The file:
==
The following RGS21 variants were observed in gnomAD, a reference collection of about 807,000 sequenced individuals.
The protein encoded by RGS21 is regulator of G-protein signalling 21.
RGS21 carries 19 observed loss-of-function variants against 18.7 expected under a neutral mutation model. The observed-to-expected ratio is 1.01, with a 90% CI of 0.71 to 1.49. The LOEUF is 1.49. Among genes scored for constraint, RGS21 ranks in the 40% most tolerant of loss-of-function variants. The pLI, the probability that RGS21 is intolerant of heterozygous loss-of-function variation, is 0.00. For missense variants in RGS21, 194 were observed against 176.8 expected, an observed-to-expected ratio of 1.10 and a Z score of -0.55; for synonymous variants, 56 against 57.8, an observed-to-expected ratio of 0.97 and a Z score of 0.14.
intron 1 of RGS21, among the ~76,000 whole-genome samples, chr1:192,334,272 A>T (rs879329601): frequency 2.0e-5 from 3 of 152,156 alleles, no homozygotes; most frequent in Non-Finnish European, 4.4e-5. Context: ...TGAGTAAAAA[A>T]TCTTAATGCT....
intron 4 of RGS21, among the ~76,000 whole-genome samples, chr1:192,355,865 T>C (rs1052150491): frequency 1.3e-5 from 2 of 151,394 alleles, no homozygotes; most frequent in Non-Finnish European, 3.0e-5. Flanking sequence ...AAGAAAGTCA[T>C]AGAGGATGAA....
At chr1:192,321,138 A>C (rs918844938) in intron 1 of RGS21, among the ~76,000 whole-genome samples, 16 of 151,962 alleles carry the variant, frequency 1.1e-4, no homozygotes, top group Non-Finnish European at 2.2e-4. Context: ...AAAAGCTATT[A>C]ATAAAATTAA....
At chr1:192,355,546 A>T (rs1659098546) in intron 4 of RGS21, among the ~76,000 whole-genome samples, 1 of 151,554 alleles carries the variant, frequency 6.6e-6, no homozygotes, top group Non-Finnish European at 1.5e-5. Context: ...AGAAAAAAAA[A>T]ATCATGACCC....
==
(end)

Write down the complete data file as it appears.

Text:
The following RGS21 variants were observed in gnomAD, a reference collection of about 807,000 sequenced individuals.
The protein encoded by RGS21 is regulator of G-protein signalling 21.
RGS21 carries 19 observed loss-of-function variants against 18.7 expected under a neutral mutation model. The observed-to-expected ratio is 1.01, with a 90% CI of 0.71 to 1.49. The LOEUF is 1.49. Among genes scored for constraint, RGS21 ranks in the 40% most tolerant of loss-of-function variants. The pLI, the probability that RGS21 is intolerant of heterozygous loss-of-function variation, is 0.00. For missense variants in RGS21, 194 were observed against 176.8 expected, an observed-to-expected ratio of 1.10 and a Z score of -0.55; for synonymous variants, 56 against 57.8, an observed-to-expected ratio of 0.97 and a Z score of 0.14.
intron 1 of RGS21, among the ~76,000 whole-genome samples, chr1:192,334,272 A>T (rs879329601): frequency 2.0e-5 from 3 of 152,156 alleles, no homozygotes; most frequent in Non-Finnish European, 4.4e-5. Context: ...TGAGTAAAAA[A>T]TCTTAATGCT....
intron 4 of RGS21, among the ~76,000 whole-genome samples, chr1:192,355,865 T>C (rs1052150491): frequency 1.3e-5 from 2 of 151,394 alleles, no homozygotes; most frequent in Non-Finnish European, 3.0e-5. Flanking sequence ...AAGAAAGTCA[T>C]AGAGGATGAA....
At chr1:192,321,138 A>C (rs918844938) in intron 1 of RGS21, among the ~76,000 whole-genome samples, 16 of 151,962 alleles carry the variant, frequency 1.1e-4, no homozygotes, top group Non-Finnish European at 2.2e-4. Context: ...AAAAGCTATT[A>C]ATAAAATTAA....
At chr1:192,355,546 A>T (rs1659098546) in intron 4 of RGS21, among the ~76,000 whole-genome samples, 1 of 151,554 alleles carries the variant, frequency 6.6e-6, no homozygotes, top group Non-Finnish European at 1.5e-5. Context: ...AGAAAAAAAA[A>T]ATCATGACCC....